Naturally, hidden items and secret areas aren't just handed to you on a plate. Therefore, attention to detail is key if you want to find absolutely everything, and this proves to be quite a challenging task when the game’s environments are just so beautiful to look at. Sporting a vibrant, cartoony look and feel, Yoshi's Island is an absolute pleasure on the eyes, and unlike any other SNES game you may have played for that matter. Upon seeing it and hearing the cheery, upbeat background music and cute Yoshi sounds, it’s hard not to fall in love with it all.
As cute as it may be though, things can get pretty ugly if you don’t take proper care of Baby Mario. Yoshi's Island forgoes the standard power-up formula in favour of a unique time-based system. With the exception of some instant-death hazards, Yoshi will survive a brush with an enemy but will temporarily lose Baby Mario, who floats off in a bubble around the screen. A countdown timer appears, and if Yoshi doesn’t get the little one back before it reaches zero, Kamek's minions – who are alerted to Baby Mario's vulnerability as a result of his absurdly loud and annoying cries – whisk him away. It’s a fair mechanic in that it allows you to make some mistakes, but at the same time you can’t help but feel a great sense of urgency when it does happens. Moreover, it works hand-in-hand with the exploration mechanic, as the gameplay is rarely brought to a screeching halt.
Of course, the burning question on many people’s mind is how good the GBA port is when played on the Wii U. In terms of the wonderful visual style, the transition to the big screen hasn't had a negative effect. In fact, with the screen-smoothing function available in the Wii U version enabled, Yoshi's Island looks especially nice, although nothing is really lost without it either. However, that’s not to say that this version is perfect; in particular, there isn't as much of the visible playing field available to you as there was was in the SNES version due to the game having to originally accommodate the GBA's relatively small screen. This means that some parts are that little bit more frustrating, as it can sometimes be hard to anticipate what’s coming next. The music doesn't quite match the quality of the SNES original, again due to the original limitations of the GBA system itself. Moreover, this version occasionally suffers from a drop in frame rate; it’s not enough to ruin the gameplay experience, but it’s nevertheless noticeable.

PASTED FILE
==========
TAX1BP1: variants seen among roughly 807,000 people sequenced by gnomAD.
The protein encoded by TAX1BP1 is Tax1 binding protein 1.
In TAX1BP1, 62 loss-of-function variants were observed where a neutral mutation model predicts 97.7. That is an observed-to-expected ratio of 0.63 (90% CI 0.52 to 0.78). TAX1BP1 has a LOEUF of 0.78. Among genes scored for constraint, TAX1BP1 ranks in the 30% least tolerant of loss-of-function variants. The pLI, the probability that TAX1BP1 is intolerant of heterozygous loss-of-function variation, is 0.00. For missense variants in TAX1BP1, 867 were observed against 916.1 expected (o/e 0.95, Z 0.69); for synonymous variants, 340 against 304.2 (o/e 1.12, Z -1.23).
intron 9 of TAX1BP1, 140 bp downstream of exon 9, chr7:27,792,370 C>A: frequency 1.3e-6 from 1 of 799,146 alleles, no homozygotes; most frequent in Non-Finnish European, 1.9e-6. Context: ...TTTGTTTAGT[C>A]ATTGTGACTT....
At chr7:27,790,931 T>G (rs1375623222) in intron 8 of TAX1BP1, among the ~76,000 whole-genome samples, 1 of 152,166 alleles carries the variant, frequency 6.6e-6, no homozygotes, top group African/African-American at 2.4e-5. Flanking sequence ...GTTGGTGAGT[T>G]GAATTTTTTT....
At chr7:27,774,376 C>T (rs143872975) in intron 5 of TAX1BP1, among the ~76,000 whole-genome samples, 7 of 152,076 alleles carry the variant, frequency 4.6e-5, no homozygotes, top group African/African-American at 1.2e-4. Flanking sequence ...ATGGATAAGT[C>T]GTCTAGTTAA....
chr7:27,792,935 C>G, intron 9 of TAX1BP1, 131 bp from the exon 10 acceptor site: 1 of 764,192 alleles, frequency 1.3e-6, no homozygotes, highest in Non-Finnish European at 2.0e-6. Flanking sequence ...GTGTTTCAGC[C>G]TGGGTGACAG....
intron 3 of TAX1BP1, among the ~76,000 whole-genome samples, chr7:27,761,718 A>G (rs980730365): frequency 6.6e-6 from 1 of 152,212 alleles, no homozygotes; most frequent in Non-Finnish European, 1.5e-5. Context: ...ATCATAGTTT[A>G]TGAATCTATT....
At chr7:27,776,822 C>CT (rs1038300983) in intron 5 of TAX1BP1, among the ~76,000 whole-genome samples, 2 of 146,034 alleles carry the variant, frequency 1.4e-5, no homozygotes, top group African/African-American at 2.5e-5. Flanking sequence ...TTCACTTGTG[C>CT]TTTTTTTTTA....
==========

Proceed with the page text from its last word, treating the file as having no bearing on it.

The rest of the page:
This GBA edition also includes a version of the original Mario Bros. arcade game. It serves as a fun side feature, and is in fact far more playable than the NES version (mainly because your movement is less restricted). However, multiplayer functionality isn't available, making this dated arcade port lose some of its appeal.
With its deep exploration-based gameplay and gorgeous art style, Yoshi's Island is still a joy to play all these years later. This particular version may have been originally intended for a small portable system, but Nintendo has done it justice in transitioning it over to Wii U. There are a few minor niggles in terms of performance, although these are more to do with the game’s original porting to GBA, while the Wii U's screen-smoothing feature really helps to keep its visual presentation intact. Moreover, Yoshi's Island is a 2D platformer with a considerable amount of depth; exploring is made fun thanks to Yoshi's egg-based abilities, and it’s also a very challenging experience overall – getting everything is a gargantuan effort, but an immensely entertaining one at that. This is one of Nintendo’s finest efforts from back in the day, and if you've never played it before (or have a hankering to go through it all again), then this is an opportunity you definitely shouldn't pass up on.